TPI has been working equally hard at the backend. The company is launching an awareness campaign about quality standards of tetra packed milk, targeted at milk cooperatives. Again it has helped Shivamrut Dudh Utpadak Sangh, Karnataka Milk Federation (KMF) and Andhra Pradesh Dairy Co-operative Federation Ltd (APDCFL) launch products by appointing marketing consultants, dealers and distributors, and providing market research and retail audits.
When Rajasthan Cooperative Dairy Federation hosted a National Milk Seminar aimed at upgrading the knowledge base of technical managers of dairies, TPI provided it with a panel of speakers. For TPI, value-added service to its customers seems to be the mantra. As more tetra packed brands enter the market, the company is looking at innovative joint promotions for each brand.
Further, it also claims to provide customers with an advisory service on packaging, package design and material handling. TPI has a retail audit system covering 800 shops in seven grade-A cities that tracks product sales, market share and stock-outs. It has a Technology Centre at Pune to develop new products and test formulations. These services are put at the customer's disposal free of cost.
"Our customers' success is our success, and this truly drives and decides our business," says Stefan Johansson, vice-president, sales & marketing, TPI. "When it comes to support of expertise, we believe in tailor-made solutions for customer. We have a strong base of knowledge here at Tetra Pak India, but we also use our global organization when needed. If the situation and the customer demand it, we'll readily bring in external expertise."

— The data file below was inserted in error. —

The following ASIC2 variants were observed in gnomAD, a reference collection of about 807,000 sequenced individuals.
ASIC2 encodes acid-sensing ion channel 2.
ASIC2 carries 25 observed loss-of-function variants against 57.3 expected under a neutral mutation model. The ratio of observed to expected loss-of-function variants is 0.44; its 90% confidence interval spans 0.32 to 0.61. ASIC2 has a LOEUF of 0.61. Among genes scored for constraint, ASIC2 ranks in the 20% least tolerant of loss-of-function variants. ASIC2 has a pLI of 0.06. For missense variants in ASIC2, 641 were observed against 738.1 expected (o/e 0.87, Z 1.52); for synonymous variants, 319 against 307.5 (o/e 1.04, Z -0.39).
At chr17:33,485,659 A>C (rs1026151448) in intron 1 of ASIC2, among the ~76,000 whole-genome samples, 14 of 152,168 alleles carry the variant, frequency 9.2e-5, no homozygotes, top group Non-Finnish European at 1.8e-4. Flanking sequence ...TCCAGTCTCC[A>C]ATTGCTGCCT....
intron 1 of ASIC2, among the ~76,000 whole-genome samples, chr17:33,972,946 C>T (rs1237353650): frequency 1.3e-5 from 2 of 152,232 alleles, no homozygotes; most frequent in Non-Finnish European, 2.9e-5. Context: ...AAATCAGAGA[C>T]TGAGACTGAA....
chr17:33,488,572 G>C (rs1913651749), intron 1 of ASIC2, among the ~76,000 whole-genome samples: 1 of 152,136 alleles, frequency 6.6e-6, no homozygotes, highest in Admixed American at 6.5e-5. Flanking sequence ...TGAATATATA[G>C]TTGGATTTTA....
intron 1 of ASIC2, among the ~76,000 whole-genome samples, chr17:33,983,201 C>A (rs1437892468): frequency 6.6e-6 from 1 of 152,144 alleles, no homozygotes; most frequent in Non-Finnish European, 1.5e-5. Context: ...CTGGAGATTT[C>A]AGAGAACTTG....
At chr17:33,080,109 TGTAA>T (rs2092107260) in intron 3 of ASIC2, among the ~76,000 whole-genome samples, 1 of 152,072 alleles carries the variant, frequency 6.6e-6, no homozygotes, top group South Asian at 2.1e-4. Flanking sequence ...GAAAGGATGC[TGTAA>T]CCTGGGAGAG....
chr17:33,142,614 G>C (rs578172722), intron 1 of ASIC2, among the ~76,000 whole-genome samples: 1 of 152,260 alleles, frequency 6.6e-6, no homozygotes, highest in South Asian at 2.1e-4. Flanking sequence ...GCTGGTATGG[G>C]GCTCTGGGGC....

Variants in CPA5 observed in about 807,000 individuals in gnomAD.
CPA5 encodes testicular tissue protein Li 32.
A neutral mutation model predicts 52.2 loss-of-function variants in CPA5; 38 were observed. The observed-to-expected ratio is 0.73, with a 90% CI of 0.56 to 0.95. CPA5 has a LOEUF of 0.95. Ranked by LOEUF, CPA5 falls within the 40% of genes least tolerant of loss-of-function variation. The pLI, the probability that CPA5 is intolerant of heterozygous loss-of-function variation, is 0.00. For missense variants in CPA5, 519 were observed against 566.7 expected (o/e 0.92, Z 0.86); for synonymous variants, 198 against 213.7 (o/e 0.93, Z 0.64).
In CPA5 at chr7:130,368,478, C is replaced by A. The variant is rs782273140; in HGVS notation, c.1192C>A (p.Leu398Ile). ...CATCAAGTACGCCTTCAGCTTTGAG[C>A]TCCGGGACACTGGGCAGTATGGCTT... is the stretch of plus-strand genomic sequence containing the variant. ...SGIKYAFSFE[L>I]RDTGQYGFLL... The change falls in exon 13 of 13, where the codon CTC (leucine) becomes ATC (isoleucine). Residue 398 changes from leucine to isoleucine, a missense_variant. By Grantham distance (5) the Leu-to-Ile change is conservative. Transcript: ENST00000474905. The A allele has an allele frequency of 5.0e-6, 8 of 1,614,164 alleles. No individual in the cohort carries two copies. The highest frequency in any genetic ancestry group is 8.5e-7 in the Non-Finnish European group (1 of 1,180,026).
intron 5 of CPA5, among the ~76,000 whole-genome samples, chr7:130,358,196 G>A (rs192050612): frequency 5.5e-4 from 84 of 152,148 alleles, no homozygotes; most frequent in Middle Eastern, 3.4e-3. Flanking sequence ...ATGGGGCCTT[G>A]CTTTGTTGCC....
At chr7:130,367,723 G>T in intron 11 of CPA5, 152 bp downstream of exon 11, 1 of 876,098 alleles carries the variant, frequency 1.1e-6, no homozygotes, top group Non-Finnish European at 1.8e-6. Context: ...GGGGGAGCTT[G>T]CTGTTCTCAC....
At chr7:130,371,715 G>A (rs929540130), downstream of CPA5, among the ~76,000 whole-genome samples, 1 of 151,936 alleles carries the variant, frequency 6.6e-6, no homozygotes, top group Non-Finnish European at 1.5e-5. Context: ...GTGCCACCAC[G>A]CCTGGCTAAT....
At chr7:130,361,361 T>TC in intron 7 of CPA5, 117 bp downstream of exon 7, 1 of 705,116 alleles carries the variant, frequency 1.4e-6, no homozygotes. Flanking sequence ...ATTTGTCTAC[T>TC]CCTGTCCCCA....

That India is a priority market for the world's largest liquid foods processing and packaging company is an understatement. Tetra Pak International has already invested over Rs 165 crore in India - and that is just towards setting up the Takwe factory, the acquisition of Hindustan Packaging Company Ltd (HPCL) and the acquisition of the Processing Systems Division. Further, TPI is laying great emphasis on key start-ups of Tetra Fino installations. Tetra Fino is a new, low-cost packaging technology specially developed for emerging markets such as India.
Identifying areas of potential growth is one thrust area. "We have applied a 'outside-in' approach to identify potential growth areas for both existing and new market categories," says Johansson. "Till now, we have analyzed the white milk category in India and parts of the ready-to-heat/eat category. We'll soon start the same process for beverages and other categories like tomato-based products."
TPI has identified three areas of potential growth. One is in Tetra Fino Aseptic packaging system. "The pouch, as a packaging format, is known and accepted by the Indian consumer. Tetra Fino Aseptic adds the value of being 100 per cent bacteria-free and tamper-proof," says Johansson. The other growth areas are branded milk in Tetra Brik Aseptic systems and ready-to-heat/eat dal - also packed in Tetra Brik Aseptic system. "This is a challenging project that forces us to draw on all our local and global expertise, both within the processing and packaging divisions," concedes Johansson.
Naturally, communication is high on Johansson's list. "The benefits of Tetra Pak processing and packaging technologies are many and different, depending on who you are in the food value chain," he says. "The clear benefits to the consumers are safety, convenience and consistent high quality. The benefits to the retailers and the distributors are stackability, shelf appearance and space savings. The benefits to our customers can differ depending on what type of market they are in. But safety, consistency, cost, distribution reach, differentiation possibilities, turnkey responsibility etc are what broadly appeals to them. This is part of our saying that Tetra Pak is 'more than the package'."